There were several other enhancements added to PSSecure, including the capability to configure remote servers individually and the ability to control server access by TCP/IP address as well as SNA device names. Other enhancements include specification of object level security for any file system apart from OS/400 resource security; control of read, write, manage, and execute authority for objects or entire directory trees; and control of uploads and downloads via predefined PentaSafe research groups.

Last week's VSA for iSeries announcement also included new releases and enhancements to PSAudit and PSDetect.

PSAudit 5.4 features new baseline capabilities that give security administrators 11 new reports designed to provide greater insight into how object authorities and user resources are being utilized. Administrators are able to call on reports that show current resource allocations and how they compare to rules and exceptions set by the administrator for areas including job descriptions, user profiles, directories, folders, and libraries. Other new reports log network transactions by date/time, user, function, server, and incoming source address. Lastly, a new iSeries Management Summary Report uses a red-yellow-green scorecard system to show whether certain areas are in compliance with predefined rules.

PSDetect 2.2 now allows the utility to work with Simple Network Management Protocol management consoles. The utility is able to send SNMP traps to any SNMP management consoles that are able to receive SNMP traps, such as those from Tivoli and Computer Associates. This new feature enables companies to configure PSDetect to send alerts to SNMP management consoles.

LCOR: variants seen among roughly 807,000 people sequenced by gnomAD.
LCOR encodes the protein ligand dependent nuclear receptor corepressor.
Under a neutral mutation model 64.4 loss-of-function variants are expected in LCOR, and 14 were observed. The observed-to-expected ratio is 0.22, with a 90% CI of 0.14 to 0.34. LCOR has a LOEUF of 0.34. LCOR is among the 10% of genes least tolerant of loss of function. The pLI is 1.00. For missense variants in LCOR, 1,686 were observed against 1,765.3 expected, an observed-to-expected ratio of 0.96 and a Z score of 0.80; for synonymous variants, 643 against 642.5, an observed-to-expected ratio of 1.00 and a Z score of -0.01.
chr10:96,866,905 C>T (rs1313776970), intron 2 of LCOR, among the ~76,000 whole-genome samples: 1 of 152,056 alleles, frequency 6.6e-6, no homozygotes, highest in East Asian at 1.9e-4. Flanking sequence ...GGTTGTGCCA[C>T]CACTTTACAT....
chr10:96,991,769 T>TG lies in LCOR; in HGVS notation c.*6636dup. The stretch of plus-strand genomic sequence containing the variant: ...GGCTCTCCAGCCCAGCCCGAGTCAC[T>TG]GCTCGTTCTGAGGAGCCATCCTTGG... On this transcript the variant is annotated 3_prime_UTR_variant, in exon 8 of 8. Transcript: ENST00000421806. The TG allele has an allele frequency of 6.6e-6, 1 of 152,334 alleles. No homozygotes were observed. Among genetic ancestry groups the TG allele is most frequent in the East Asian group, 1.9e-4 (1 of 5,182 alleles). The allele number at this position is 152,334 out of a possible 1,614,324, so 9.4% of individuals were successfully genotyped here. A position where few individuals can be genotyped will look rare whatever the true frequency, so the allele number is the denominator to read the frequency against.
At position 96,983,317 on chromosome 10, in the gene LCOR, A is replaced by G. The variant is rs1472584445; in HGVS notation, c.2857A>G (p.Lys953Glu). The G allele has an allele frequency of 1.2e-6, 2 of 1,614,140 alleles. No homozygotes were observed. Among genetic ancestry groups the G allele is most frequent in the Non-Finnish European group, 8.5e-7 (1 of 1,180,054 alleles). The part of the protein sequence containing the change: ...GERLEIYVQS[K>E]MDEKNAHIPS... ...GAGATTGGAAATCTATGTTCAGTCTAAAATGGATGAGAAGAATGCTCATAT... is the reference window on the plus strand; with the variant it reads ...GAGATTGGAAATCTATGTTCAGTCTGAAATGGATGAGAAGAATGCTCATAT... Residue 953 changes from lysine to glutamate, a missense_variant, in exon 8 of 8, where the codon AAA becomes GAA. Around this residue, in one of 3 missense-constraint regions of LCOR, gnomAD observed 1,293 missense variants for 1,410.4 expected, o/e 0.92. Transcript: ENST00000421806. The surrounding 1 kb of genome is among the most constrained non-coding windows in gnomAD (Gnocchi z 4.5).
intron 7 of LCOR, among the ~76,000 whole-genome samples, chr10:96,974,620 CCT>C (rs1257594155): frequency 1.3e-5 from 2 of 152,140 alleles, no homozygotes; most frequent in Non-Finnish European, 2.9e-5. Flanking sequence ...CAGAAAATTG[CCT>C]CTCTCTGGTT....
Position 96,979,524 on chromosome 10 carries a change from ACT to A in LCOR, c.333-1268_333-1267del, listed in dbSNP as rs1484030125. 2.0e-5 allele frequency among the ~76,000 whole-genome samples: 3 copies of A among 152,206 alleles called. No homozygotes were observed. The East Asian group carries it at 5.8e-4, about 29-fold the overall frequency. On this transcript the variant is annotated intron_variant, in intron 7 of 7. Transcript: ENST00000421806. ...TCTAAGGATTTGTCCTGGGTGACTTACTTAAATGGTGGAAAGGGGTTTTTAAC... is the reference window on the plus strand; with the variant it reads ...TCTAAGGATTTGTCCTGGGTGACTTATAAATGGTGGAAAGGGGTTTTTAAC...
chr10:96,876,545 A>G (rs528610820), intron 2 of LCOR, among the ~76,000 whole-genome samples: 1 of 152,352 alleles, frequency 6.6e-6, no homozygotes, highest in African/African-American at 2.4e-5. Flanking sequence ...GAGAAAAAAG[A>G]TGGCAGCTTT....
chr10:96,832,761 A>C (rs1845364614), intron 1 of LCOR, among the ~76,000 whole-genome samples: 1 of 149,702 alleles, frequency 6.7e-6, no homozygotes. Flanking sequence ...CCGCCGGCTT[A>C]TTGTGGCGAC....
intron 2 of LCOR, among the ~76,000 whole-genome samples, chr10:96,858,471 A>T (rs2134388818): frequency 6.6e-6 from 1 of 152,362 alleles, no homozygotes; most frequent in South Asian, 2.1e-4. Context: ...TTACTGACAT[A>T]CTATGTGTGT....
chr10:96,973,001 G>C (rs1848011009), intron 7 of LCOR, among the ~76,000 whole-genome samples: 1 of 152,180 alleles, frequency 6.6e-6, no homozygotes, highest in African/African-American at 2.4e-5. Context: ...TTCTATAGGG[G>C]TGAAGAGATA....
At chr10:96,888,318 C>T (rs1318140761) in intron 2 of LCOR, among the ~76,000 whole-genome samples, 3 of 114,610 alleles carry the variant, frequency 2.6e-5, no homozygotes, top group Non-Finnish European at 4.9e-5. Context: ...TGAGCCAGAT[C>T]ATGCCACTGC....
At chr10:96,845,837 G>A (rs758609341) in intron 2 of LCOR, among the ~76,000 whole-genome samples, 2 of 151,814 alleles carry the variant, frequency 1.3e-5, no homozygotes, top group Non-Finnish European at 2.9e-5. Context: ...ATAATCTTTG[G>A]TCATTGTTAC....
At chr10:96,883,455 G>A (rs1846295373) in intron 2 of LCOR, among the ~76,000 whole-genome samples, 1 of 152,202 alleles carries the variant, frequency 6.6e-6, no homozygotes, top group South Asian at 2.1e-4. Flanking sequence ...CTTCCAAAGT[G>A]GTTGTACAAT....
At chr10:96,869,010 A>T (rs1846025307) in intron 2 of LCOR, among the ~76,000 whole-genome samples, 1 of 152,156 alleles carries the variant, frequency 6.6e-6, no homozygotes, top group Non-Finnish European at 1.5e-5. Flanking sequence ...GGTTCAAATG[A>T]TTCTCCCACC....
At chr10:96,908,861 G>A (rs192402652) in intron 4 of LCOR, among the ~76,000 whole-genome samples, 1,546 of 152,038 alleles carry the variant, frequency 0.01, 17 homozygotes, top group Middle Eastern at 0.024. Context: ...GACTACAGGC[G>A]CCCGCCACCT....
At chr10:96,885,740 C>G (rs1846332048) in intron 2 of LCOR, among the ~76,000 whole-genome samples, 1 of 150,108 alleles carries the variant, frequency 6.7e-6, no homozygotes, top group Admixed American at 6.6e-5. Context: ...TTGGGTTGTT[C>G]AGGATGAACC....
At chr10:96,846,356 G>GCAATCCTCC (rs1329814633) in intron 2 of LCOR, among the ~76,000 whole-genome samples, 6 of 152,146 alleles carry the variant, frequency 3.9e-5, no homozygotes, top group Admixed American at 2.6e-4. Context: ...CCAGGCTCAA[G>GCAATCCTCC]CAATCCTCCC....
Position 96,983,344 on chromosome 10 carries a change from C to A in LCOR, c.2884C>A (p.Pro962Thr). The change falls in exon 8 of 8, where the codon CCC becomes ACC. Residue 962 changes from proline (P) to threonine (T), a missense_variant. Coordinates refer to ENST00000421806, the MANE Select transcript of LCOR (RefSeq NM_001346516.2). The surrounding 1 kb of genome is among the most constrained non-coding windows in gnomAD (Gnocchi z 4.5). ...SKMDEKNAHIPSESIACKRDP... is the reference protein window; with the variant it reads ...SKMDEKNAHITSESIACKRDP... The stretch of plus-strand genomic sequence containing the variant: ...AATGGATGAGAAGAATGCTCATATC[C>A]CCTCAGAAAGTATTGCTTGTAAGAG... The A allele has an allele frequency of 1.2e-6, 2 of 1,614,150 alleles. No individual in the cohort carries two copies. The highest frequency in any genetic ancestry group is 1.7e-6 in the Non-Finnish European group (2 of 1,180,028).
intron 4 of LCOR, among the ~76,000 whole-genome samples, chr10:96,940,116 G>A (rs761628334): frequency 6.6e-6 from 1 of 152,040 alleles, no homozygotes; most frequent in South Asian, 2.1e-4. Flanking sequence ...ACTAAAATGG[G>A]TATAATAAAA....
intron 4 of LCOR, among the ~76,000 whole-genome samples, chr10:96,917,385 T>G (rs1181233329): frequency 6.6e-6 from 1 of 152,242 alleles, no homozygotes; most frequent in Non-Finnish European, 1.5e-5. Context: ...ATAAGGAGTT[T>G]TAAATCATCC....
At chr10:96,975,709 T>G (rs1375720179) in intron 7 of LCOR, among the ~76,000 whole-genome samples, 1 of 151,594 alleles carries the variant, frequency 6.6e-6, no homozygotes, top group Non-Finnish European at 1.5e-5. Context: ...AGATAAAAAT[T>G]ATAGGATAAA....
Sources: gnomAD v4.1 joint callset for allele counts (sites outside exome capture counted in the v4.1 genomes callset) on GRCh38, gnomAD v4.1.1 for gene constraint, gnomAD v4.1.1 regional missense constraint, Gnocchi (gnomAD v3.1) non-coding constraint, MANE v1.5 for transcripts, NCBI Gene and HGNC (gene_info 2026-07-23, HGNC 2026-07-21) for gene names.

VSA for iSeries components can be deployed with or without the VigilEnt Security Manager, PentaSafe's Windows-based central security console. VSM serves as the hub for PentaSafe's growing stable of agents for a variety of products, which, at this writing, includes Linux on iSeries, Windows 2000/NT, various Unix implementations, Novell NetWare, and a host of database management systems, Web application servers, applications, and firewalls.

PSSecure, PSAudit, and PSDetect are available separately or packaged together in VSA for iSeries at a discount. Starting April 1, PSPasswordManager, which allows OS/400 administrators to view and control their users' weak and easily guessed passwords, will also be included in the suite.

Pricing for VSA for iSeries is tier-based and starts at about $9,000 for the P05 processor group, which includes a license for 300 users. PentaSafe also offers another bundle including VSM and the VSA for Linux on iSeries for $6,995. VSA for Linux on iSeries by itself goes for $1,995. For more information visit PentaSafe's Web site at

Please note that this article has been edited since its original publication to correct the pricing information for the VSM and VSA bundle for Linux on the iSeries and for the VSA for Linux on iSeries product as a standalone purchase. Guild Companies regrets the error. [Correction made March 18, 2002]